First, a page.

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New Technical Writers: Is There Hope Right Now?

If you’re looking to take the next step in your writing career, or simply break into the industry, then maybe you’ve considered the idea of becoming a remote technical or SME (Subject Matter Expert) content writer.

With remote technical writing rates between $50-$60 per hour, it’s hard not to be enticed by the possibility. But remote writing is undoubtedly one of the most competitive markets in which to find solid ground, and sometimes it might feel like you are tossing your job applications straight into the fire.

This is so true–especially when it seems as though EVERYONE MUST WORK FROM HOME during the unfortunate pandemic and global lockdown situations. Moreover, many people remain unemployed, waiting for the government to "stimulate" their bank accounts or to be called back to their place of employment after a lay-off.

It's a very competitive "remote writing job seeking" world right now.

But there are a few keys to breaking into the remote technical writing world that contenders should be mindful of before pursuing their first contract.

First, let’s debunk a popular myth: you need a specialized degree to become a technical writer.


Does it help to have an education in a writing or technical discipline? Sure, but becoming a successful remote technical writer is equally plausible for those without a formal education, though a keen ability to simplify complex information is a necessity in the field. Again, we're targeting "remote" jobs, not traditional office jobs. Therefore, you will have substantial flexibility in meeting many of those education requirements.

With that stated, let's delve into some simple actions that you need to take immediately to ensure your application is at least shortlisted by the time that next remote tech or SME writing job is launched.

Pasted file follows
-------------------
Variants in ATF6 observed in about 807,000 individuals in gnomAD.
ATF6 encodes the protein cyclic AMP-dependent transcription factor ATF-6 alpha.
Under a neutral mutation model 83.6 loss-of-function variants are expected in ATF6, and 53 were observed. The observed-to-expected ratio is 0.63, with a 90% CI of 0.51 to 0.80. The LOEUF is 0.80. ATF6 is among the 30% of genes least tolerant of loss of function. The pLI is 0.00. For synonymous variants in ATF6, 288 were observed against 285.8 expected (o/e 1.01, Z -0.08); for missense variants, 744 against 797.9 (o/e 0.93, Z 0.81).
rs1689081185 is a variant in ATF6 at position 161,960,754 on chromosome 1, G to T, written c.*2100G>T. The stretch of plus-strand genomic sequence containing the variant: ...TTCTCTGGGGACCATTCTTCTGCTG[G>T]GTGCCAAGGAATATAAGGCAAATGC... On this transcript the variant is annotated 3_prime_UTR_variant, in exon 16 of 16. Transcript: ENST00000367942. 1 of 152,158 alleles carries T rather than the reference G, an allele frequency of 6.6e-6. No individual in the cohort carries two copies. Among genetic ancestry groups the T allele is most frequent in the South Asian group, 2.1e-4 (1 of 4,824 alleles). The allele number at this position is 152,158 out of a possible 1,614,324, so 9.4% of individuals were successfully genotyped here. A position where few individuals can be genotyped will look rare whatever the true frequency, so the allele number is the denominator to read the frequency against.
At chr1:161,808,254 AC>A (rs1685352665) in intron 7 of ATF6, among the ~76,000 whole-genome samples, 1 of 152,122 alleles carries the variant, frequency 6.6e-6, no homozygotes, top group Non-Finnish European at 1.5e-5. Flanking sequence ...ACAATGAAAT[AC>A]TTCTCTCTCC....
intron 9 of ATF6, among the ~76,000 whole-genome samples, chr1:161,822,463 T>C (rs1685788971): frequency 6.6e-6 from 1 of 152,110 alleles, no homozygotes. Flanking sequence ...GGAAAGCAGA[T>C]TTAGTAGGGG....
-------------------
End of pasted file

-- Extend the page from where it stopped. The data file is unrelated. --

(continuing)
Build A Portfolio...Even As a New Writer

Before landing your first gig, potential clients will want to see that you have what it takes. Even with no professional experience, you can start compiling evidence of your skills and abilities by practicing on already existing projects or programs.

Try finding an app or process guide with poorly written documentation and show off your writing abilities by making improvements.

Keep in mind that your lack of work history won’t necessarily be a disqualifier, as long as you can demonstrate your creative process and tech comprehension with a few compelling samples.

Network...and Expand Beyond One Network

Once you’ve got a portfolio started, start building a network of connections and followers in a digital setting like LinkedIn. This network is especially valuable for sharing your thoughts and ideas in a professional setting. The goal is to connect with a variety of individuals and organizations who may benefit from the services of a remote technical writer.

Start digging into the technical writing of organizations within your network and find opportunities for improvement. Not only will you find samples to improve and add to your portfolio, but reaching out with your feedback and ideas may land you your first freelance gig. (I can personally attest to this.)

Remember: don't limit your networking strategy to LinkedIn. Find forums, Facebook groups, and associations in the field or industry that you will write for–and connect from there!

Don’t Scare Away Your Potential Clients

While it’s true that remote technical writers and freelance SMEs can average earnings of up to $50 per hour, remember that you’re still just earning your wings. Without a portfolio packed with relevant professional experience, consider a more reasonable rate for your first few gigs.

If you get a nibble from an interested party, be flexible with your pay expectations. You may feel that you’re underselling your skill set but, at this point in the game, your top priority is getting your foot in the door.

Keep in mind that becoming a remote writer isn’t an overnight process. It takes time, dedication, and a willingness to step out of your comfort zone to seek out opportunities. Once you land your first gig, you may find that the momentum will carry you the rest of the way.


As an Information Technology worker bee, Sean Sanz is motivated to succeed as a remote freelancer and embark on entrepreneurial goals in the

near future.

Sean is a Contributing Author for Remote Writer Jobs.


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